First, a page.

In the late 1960s, the Central Drug Company finally closed and was replaced by Dino’s Sub Sandwich and Pizza Shop at 1204. By the mid-1970s this establishment had been replaced by H-H-O-T. The Capitol News Stand then replaced this business by 1980, and it continues to operate out of 1204. Since the early 1980s, various restaurants have operated out of 1202. Porky’s BBQ was located there in the early 1980s, followed by Takin 5 Soup and Sandwich in the mid-1980s, the Dairy Bar in the early 1990s, Johnny’s on Main in the late 1990s, and finally Cat and Cleaver, who continue to operate out of 1202. The second floor of the structure has been mostly vacant since the 1960s, except for the brief stint as the Coin Shop in the mid-1970s.

Protected as a Level III local landmark 1202-1204 Main Street remains as one of the oldest remaining structures on the 1200 block of Main Street, notwithstanding the circa-1870 Brennen Building, located at 1210-1214 Main Street to its north. Meanwhile First Citizens Bank razed 1206-1208 Main Street in 1998 for the development of a parking lot. When viewed with its neighbor to the south, the Columbia Building skyscraper erected in 1913, 1202-1202 Main Street maintains the visual rhythm and character that once typified the capital city’s central business district throughout the majority of the 20th century.

Architectural Overview:
Though appearing to be two independent structures, 1202-1204 Main Street in actuality is one three-story building featuring a split façade with different detail work. Its façade features seven bays, the central of which grants access to the building’s upper floors. Both the northern and southern aspects of the façade experienced considerable alteration throughout the latter half of the 20th century. A circa-1943 image depicting members of the Women’s Army Corps (WAC) on parade illustrates the transformation 1202 Main Street’s street-front experienced most likely in 1940 when WCOS began operating from that address. Original windows, most likely one-over-one paned like those found on 1204 Main Street, have been replaced with more modern casement style, metal-framed windows, and the entrance to 1202 Main Street has been updated with glass block detailing and some form of ceramic or glass tile, possibly Vitralite, applied over the elevation’s original masonry finish, in an effort to effect Streamline Moderne architecture then en vogue. At the time of the 1943 photograph, 1204 Main Street had not been altered from its original appearance, and features such as the brick corbelling and decorative diamond patterned brick bond embellishments remain present, as does a decorative band separating the first and second stories. Today, both facades’ quioning and the parapet on 1204 remain as reminders to the overall structure’s early 20th-century detailing. However, such elements that have been lost over time may be reconstructed based on existing documentation.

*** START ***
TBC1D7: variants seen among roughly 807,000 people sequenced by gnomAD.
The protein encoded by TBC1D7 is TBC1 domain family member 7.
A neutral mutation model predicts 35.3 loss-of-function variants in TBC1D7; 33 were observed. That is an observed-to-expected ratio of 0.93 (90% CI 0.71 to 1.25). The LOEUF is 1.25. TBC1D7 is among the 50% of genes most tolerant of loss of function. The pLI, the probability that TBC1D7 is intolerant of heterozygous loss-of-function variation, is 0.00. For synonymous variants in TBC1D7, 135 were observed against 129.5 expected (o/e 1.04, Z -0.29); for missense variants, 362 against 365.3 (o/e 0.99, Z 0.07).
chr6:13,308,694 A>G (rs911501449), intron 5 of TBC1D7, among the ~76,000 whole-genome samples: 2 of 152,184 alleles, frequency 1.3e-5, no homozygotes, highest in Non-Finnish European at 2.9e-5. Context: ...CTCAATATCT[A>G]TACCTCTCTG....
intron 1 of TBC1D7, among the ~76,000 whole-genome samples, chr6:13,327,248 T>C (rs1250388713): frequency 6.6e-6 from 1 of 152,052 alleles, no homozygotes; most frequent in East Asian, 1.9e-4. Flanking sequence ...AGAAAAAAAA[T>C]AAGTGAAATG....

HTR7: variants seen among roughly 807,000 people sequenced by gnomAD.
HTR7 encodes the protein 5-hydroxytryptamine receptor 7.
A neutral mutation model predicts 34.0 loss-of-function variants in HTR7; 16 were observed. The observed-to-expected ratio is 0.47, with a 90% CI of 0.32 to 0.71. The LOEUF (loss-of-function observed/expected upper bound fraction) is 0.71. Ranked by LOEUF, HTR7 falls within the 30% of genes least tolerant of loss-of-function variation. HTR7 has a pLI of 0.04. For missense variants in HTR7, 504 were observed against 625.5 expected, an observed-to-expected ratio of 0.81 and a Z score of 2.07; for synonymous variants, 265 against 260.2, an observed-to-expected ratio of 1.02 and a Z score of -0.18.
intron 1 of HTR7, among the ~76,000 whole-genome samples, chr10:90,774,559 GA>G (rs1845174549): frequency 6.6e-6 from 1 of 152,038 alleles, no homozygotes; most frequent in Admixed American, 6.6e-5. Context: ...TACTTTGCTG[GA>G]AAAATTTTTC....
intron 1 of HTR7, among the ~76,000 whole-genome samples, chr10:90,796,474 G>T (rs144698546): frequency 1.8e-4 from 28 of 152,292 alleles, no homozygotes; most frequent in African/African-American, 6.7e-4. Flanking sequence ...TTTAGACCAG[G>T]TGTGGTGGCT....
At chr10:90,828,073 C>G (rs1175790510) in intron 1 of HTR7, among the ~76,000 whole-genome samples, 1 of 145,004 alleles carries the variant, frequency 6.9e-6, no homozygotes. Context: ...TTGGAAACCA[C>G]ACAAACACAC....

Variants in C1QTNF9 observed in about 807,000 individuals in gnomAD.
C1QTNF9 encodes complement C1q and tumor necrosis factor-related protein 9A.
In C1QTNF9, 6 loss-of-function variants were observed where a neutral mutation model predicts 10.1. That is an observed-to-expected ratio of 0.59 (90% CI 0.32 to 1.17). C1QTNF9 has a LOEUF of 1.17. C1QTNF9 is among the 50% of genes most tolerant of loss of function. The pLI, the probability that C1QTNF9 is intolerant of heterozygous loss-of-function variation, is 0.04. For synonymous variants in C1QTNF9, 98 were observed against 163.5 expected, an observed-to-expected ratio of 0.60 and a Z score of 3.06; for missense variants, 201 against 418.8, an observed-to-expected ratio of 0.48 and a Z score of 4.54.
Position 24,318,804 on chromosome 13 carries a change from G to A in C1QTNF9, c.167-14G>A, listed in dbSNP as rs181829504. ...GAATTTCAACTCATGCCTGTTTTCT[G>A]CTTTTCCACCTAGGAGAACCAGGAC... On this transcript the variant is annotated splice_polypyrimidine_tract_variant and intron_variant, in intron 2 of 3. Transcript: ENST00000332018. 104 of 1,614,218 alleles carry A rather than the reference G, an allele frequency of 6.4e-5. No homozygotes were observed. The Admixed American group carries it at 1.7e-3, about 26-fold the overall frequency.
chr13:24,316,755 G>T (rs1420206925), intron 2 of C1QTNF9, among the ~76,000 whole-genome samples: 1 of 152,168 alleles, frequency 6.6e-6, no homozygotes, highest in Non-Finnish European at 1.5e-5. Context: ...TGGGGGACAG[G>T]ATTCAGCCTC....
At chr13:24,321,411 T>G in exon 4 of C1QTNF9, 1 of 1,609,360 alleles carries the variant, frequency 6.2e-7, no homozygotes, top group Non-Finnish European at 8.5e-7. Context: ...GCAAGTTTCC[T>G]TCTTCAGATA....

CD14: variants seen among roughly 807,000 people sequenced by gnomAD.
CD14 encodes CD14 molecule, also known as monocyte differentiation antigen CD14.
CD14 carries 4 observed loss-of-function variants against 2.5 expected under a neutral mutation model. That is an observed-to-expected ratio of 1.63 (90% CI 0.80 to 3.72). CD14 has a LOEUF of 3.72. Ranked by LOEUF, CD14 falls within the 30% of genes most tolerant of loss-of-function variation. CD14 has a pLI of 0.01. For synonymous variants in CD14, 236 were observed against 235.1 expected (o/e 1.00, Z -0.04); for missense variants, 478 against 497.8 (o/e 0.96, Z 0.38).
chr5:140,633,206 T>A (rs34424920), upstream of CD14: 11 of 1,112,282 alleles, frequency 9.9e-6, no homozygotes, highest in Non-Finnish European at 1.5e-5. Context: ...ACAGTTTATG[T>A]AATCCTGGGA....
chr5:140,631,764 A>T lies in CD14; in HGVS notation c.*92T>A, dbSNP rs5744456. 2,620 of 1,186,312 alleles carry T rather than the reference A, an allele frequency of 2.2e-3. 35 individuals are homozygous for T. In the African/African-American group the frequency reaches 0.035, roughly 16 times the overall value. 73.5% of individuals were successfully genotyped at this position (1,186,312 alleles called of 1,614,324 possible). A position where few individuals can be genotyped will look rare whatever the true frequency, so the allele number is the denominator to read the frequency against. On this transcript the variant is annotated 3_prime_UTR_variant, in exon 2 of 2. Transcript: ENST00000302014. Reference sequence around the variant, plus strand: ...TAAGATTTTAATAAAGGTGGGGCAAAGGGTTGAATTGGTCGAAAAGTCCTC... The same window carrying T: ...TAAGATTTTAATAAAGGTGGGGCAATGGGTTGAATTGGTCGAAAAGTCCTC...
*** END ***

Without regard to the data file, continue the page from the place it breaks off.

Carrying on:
Thematic Resource:
Primary Historic Use / Function: : Commerce, Trade
Secondary Historic Use / Function: Business Offices, Stores
Present Uses / Functions: Commercial Occupancy: Occupied
Contact Organization:
Space Available: No Commercial Office Residential
Source: Historic Columbia Foundation
Printable Photo Gallery
Richland County SC Cultural Resources Inventory
Richland County Conservation Commission

Columbia, South Carolina